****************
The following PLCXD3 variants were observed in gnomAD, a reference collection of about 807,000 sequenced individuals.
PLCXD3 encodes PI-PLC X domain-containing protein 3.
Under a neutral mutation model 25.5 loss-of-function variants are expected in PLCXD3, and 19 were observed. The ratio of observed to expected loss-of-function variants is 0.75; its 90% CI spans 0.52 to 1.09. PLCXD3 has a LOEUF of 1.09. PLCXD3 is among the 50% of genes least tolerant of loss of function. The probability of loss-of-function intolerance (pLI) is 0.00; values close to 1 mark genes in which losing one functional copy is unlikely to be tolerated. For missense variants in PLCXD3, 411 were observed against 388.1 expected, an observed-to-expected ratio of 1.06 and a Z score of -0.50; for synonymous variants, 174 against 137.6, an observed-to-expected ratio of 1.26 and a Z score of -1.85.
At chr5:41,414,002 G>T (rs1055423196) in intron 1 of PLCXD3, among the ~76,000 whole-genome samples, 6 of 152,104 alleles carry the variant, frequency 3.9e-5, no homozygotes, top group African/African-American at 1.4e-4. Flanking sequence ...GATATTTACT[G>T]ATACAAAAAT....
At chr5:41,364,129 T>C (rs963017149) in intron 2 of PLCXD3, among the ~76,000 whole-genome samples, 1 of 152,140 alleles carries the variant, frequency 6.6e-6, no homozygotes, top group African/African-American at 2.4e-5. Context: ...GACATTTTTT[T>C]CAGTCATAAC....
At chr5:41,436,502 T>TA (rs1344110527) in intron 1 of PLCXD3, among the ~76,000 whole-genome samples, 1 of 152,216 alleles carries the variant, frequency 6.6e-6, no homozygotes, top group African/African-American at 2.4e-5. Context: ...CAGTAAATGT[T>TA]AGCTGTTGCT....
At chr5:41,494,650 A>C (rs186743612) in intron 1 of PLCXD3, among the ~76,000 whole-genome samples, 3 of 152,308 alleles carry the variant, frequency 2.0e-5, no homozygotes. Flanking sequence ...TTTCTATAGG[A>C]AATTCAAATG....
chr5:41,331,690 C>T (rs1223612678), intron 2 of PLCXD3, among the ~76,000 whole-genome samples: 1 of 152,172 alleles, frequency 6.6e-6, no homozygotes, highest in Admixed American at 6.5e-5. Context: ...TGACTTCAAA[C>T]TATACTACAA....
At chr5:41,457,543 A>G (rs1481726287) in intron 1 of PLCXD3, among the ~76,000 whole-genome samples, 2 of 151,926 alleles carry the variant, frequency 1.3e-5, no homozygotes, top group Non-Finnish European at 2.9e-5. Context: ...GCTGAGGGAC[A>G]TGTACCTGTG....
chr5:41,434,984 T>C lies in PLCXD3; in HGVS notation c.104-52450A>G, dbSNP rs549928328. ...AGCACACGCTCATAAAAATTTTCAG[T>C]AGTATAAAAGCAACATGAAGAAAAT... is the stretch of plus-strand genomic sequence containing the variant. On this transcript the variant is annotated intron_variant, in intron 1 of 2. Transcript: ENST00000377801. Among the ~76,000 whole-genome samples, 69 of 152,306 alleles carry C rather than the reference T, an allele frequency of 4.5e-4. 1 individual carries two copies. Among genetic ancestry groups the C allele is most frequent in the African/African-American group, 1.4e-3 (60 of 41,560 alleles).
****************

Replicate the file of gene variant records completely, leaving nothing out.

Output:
The following PLCXD3 variants were observed in gnomAD, a reference collection of about 807,000 sequenced individuals.
PLCXD3 encodes PI-PLC X domain-containing protein 3.
Under a neutral mutation model 25.5 loss-of-function variants are expected in PLCXD3, and 19 were observed. The ratio of observed to expected loss-of-function variants is 0.75; its 90% CI spans 0.52 to 1.09. PLCXD3 has a LOEUF of 1.09. PLCXD3 is among the 50% of genes least tolerant of loss of function. The probability of loss-of-function intolerance (pLI) is 0.00; values close to 1 mark genes in which losing one functional copy is unlikely to be tolerated. For missense variants in PLCXD3, 411 were observed against 388.1 expected, an observed-to-expected ratio of 1.06 and a Z score of -0.50; for synonymous variants, 174 against 137.6, an observed-to-expected ratio of 1.26 and a Z score of -1.85.
At chr5:41,414,002 G>T (rs1055423196) in intron 1 of PLCXD3, among the ~76,000 whole-genome samples, 6 of 152,104 alleles carry the variant, frequency 3.9e-5, no homozygotes, top group African/African-American at 1.4e-4. Flanking sequence ...GATATTTACT[G>T]ATACAAAAAT....
At chr5:41,364,129 T>C (rs963017149) in intron 2 of PLCXD3, among the ~76,000 whole-genome samples, 1 of 152,140 alleles carries the variant, frequency 6.6e-6, no homozygotes, top group African/African-American at 2.4e-5. Context: ...GACATTTTTT[T>C]CAGTCATAAC....
At chr5:41,436,502 T>TA (rs1344110527) in intron 1 of PLCXD3, among the ~76,000 whole-genome samples, 1 of 152,216 alleles carries the variant, frequency 6.6e-6, no homozygotes, top group African/African-American at 2.4e-5. Context: ...CAGTAAATGT[T>TA]AGCTGTTGCT....
At chr5:41,494,650 A>C (rs186743612) in intron 1 of PLCXD3, among the ~76,000 whole-genome samples, 3 of 152,308 alleles carry the variant, frequency 2.0e-5, no homozygotes. Flanking sequence ...TTTCTATAGG[A>C]AATTCAAATG....
chr5:41,331,690 C>T (rs1223612678), intron 2 of PLCXD3, among the ~76,000 whole-genome samples: 1 of 152,172 alleles, frequency 6.6e-6, no homozygotes, highest in Admixed American at 6.5e-5. Context: ...TGACTTCAAA[C>T]TATACTACAA....
At chr5:41,457,543 A>G (rs1481726287) in intron 1 of PLCXD3, among the ~76,000 whole-genome samples, 2 of 151,926 alleles carry the variant, frequency 1.3e-5, no homozygotes, top group Non-Finnish European at 2.9e-5. Context: ...GCTGAGGGAC[A>G]TGTACCTGTG....
chr5:41,434,984 T>C lies in PLCXD3; in HGVS notation c.104-52450A>G, dbSNP rs549928328. ...AGCACACGCTCATAAAAATTTTCAG[T>C]AGTATAAAAGCAACATGAAGAAAAT... is the stretch of plus-strand genomic sequence containing the variant. On this transcript the variant is annotated intron_variant, in intron 1 of 2. Transcript: ENST00000377801. Among the ~76,000 whole-genome samples, 69 of 152,306 alleles carry C rather than the reference T, an allele frequency of 4.5e-4. 1 individual carries two copies. Among genetic ancestry groups the C allele is most frequent in the African/African-American group, 1.4e-3 (60 of 41,560 alleles).